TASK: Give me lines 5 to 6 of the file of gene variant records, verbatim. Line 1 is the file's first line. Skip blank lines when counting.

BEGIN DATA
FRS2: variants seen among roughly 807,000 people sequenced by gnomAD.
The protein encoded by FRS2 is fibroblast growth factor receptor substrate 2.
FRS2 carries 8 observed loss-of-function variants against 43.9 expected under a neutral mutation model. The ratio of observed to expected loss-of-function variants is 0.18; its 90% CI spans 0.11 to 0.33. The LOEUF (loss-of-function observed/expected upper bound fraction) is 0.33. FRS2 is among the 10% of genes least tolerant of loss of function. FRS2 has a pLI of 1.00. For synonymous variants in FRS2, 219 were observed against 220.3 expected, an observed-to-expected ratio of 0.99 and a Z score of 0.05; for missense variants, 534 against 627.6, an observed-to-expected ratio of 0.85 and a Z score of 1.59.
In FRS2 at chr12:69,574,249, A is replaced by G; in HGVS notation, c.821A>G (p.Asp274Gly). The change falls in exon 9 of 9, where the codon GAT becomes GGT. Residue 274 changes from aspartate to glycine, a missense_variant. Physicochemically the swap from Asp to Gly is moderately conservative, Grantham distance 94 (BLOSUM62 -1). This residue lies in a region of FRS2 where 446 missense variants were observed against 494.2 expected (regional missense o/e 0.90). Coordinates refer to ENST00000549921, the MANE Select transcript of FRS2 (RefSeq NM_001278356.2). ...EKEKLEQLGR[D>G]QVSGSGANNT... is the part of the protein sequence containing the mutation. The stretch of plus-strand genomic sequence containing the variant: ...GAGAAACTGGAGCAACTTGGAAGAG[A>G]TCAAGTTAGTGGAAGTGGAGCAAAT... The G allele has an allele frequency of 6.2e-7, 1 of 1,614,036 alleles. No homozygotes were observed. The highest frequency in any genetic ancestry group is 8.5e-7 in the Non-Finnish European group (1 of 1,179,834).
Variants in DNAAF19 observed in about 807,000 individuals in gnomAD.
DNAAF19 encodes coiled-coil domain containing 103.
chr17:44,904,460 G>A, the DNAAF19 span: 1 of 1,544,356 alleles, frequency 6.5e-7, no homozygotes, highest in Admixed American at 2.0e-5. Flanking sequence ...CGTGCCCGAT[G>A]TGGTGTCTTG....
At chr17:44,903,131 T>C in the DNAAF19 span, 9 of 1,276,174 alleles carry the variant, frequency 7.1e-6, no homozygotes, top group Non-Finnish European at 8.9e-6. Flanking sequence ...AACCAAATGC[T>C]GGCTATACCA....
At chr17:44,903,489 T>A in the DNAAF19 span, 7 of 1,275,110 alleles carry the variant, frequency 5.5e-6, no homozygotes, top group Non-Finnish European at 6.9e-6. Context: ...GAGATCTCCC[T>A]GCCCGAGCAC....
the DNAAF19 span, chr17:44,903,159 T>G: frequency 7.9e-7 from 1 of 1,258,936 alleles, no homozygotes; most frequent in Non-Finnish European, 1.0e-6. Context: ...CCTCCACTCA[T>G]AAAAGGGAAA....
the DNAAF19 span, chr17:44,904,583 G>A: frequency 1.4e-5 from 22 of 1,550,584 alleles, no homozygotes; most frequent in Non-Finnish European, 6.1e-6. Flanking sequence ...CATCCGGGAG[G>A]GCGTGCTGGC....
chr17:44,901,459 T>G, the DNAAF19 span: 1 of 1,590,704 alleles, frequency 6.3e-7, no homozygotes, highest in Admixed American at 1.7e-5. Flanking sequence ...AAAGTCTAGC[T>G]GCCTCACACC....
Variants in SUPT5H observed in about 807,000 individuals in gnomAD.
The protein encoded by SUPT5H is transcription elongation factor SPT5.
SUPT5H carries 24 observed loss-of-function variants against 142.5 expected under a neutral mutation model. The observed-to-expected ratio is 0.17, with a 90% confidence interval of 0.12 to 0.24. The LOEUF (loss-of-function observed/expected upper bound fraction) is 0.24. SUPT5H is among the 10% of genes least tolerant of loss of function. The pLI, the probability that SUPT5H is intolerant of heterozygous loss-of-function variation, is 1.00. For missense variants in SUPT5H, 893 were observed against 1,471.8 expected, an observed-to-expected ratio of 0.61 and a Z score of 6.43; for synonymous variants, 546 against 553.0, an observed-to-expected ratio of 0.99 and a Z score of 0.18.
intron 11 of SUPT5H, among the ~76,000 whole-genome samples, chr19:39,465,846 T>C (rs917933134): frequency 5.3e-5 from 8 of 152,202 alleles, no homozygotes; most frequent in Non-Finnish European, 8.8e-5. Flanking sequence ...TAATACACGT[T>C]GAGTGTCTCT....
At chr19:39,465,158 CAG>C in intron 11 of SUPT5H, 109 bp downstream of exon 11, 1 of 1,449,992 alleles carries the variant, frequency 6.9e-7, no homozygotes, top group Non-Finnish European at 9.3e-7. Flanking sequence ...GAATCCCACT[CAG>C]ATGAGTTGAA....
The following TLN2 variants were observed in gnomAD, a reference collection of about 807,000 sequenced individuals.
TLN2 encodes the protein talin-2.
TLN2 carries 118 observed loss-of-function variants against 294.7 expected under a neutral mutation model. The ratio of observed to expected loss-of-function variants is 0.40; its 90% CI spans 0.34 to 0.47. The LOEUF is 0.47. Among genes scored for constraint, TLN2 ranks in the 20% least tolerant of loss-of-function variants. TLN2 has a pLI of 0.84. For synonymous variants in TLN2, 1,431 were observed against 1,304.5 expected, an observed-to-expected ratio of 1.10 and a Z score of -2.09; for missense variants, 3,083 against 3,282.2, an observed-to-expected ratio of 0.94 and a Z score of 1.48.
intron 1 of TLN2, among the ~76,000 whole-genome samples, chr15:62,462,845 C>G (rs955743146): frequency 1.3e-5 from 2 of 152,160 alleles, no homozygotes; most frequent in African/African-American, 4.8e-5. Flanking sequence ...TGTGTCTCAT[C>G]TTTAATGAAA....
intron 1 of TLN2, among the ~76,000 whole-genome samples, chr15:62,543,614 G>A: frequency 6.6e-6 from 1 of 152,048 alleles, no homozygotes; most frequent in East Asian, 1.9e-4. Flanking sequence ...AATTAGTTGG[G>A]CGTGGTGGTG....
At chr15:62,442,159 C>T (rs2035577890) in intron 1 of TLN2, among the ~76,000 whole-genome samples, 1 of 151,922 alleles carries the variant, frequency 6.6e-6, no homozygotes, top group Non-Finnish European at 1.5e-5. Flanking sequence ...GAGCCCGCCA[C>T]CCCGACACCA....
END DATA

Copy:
Variants in DNAAF19 observed in about 807,000 individuals in gnomAD.
DNAAF19 encodes coiled-coil domain containing 103.